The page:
As messy as it is, the system worked well as long as there was money and political goodwill. Since the 2007-09 financial crisis, both have dried up. Politics has been stirred by three successive populist movements. There is an identity populism in the separatist embrace of Catalan nationalism. Podemos, on the far left, rejects parts of the constitution; he is now the junior partner of Mr Sánchez’s coalition and is in favor of a confederal Spain. Vox was born from the far right. He wants recentralization. The traditional conservative People’s Party (PP) will almost certainly have to ally with Vox to gain power.

Juan José López Burniol, a lawyer close to Catalan business leaders, believes that a compromise would include the recognition of Catalonia as a nation in cultural but not political terms; a cap on tax transfers to the common pool; a shared tax agency; and strengthen the powers of the regional government over education, language policies and culture, including the Catalan-language public media. This package should then be submitted to voters in a referendum.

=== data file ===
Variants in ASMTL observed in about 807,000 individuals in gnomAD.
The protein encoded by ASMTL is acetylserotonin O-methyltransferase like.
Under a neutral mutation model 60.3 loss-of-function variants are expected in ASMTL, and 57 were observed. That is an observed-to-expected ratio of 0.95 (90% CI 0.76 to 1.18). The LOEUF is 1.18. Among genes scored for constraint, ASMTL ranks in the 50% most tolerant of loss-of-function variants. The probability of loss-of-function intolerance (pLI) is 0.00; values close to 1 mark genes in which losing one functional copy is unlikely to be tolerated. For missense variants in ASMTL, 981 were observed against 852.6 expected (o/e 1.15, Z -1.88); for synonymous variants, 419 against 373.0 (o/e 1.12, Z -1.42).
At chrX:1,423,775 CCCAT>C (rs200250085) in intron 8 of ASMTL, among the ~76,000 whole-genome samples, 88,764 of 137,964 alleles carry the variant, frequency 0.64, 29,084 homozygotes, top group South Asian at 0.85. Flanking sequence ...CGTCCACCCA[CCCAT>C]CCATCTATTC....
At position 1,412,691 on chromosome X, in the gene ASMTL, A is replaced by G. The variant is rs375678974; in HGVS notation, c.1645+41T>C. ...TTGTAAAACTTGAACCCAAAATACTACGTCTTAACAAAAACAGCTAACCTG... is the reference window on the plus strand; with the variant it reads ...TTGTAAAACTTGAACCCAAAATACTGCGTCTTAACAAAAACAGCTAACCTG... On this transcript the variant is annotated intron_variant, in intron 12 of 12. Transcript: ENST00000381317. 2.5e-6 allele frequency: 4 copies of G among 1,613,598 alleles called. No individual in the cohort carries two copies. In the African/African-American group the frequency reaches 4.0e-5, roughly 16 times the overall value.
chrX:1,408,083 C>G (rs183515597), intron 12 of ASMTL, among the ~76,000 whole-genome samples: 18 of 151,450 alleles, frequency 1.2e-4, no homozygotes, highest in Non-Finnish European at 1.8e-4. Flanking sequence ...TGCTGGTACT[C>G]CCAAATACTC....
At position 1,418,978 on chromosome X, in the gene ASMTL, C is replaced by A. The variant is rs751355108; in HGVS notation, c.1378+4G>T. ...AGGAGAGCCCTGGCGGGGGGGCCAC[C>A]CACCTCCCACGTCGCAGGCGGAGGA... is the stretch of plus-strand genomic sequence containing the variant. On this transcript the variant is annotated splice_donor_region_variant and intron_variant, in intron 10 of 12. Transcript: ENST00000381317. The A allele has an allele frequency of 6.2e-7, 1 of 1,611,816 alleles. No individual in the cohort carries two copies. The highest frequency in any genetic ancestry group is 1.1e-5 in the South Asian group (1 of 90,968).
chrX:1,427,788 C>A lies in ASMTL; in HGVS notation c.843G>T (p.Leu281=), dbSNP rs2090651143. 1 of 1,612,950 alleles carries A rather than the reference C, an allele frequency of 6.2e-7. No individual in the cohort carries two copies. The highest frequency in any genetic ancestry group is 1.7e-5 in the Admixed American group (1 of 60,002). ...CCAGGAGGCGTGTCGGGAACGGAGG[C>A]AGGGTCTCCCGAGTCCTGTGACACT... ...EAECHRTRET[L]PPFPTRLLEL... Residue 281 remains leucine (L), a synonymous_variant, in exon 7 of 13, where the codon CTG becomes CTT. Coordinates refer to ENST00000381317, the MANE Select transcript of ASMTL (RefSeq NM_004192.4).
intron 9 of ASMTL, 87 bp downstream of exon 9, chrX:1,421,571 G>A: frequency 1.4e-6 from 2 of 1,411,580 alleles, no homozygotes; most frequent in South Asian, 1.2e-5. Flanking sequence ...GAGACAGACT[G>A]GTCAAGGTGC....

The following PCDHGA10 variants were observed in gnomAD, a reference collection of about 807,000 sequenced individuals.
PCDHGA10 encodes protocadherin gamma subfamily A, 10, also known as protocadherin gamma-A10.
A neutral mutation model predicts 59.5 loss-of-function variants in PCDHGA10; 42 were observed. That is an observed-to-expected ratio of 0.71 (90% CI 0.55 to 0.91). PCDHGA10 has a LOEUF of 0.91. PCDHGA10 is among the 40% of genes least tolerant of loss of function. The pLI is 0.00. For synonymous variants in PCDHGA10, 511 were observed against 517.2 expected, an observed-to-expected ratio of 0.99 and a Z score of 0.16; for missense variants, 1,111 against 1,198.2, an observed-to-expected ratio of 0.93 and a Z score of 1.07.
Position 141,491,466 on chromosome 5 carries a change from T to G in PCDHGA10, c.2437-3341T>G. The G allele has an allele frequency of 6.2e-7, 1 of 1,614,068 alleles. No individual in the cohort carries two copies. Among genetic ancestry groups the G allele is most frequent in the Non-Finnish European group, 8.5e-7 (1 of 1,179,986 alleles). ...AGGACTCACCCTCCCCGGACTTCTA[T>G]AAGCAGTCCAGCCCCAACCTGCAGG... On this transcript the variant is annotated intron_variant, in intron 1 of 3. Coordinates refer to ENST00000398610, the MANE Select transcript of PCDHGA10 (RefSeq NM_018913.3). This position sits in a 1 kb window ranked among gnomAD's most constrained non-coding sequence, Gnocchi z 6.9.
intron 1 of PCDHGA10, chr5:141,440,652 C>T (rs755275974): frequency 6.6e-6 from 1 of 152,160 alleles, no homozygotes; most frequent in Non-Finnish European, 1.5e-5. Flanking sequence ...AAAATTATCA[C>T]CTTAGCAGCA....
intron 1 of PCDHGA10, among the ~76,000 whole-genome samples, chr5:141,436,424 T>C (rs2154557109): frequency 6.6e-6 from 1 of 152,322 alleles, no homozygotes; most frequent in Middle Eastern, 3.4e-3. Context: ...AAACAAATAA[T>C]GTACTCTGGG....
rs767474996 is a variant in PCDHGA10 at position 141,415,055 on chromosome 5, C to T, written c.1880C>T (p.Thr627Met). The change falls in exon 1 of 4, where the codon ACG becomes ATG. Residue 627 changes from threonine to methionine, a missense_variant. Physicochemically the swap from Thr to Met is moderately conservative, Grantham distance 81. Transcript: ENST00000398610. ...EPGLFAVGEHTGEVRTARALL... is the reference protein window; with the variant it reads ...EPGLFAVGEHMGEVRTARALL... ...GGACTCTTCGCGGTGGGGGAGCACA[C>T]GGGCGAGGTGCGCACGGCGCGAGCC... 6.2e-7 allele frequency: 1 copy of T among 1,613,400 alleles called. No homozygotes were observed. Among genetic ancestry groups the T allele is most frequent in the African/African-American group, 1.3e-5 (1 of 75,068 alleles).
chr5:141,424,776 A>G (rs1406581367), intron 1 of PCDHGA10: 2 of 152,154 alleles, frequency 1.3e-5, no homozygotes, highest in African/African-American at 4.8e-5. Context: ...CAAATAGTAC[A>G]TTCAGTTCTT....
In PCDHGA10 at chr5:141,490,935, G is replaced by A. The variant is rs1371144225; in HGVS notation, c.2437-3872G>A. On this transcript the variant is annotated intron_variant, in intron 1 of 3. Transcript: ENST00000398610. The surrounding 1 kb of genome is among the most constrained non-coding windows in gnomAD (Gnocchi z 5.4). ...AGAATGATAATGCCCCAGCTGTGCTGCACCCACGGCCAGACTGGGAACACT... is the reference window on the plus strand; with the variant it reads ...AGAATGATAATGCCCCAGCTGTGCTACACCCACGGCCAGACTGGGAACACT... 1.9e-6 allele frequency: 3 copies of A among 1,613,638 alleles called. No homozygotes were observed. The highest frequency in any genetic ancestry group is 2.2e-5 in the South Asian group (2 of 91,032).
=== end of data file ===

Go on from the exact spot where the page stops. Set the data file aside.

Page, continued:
Mr. Pujol spoke of “fudge” in the same sense. Mr Illa and the Catalan Socialists are much more careful, at least in their opening offer. He believes discussions should focus on reforming fiscal arrangements. “We should make good use of the powers that we already have,” he said. The Spanish state should be more, rather than less, present in Catalonia, especially in cultural policy.

There are three obstacles. To last, any agreement needs the assent of PP, which receives few votes in Catalonia but benefits from an anti-separatist feeling elsewhere and wants to dilute the use of Catalan in schools. Second, it will take years for Esquerra and the separatist voters to agree to a compromise. Third, the rest of Spain is not a passive spectator. “We cannot allow the dialogue on Catalonia to organize the regional question in Spain,” said Ximo Puig, the socialist president of Valencia, who is particularly aggrieved by the current financial regulations.

But in other respects, there is a consensus among peripheral regions, including Catalonia, that the status quo primarily benefits Madrid. In some ways, Catalan separatism is a response to a relative decline. When Franco died in 1975, Catalonia’s economy was 25% larger than that of the Madrid region. By 2018 Madrid GDP had surpassed that of Catalonia. The PP, who has ruled there since 1995, attributes this to its pro-business policies. The regional government has granted tax cuts totaling 53 billion euros ($ 63 billion) since 2004, said Javier Fernández-Lasquetty, Madrid’s economic director. “We believe there is a direct correlation between lower tax burdens and economic growth,” he says. Others say Madrid, which is home to almost all state agencies and is Spain’s transport hub, has benefited disproportionately from globalization. Public policies could change that.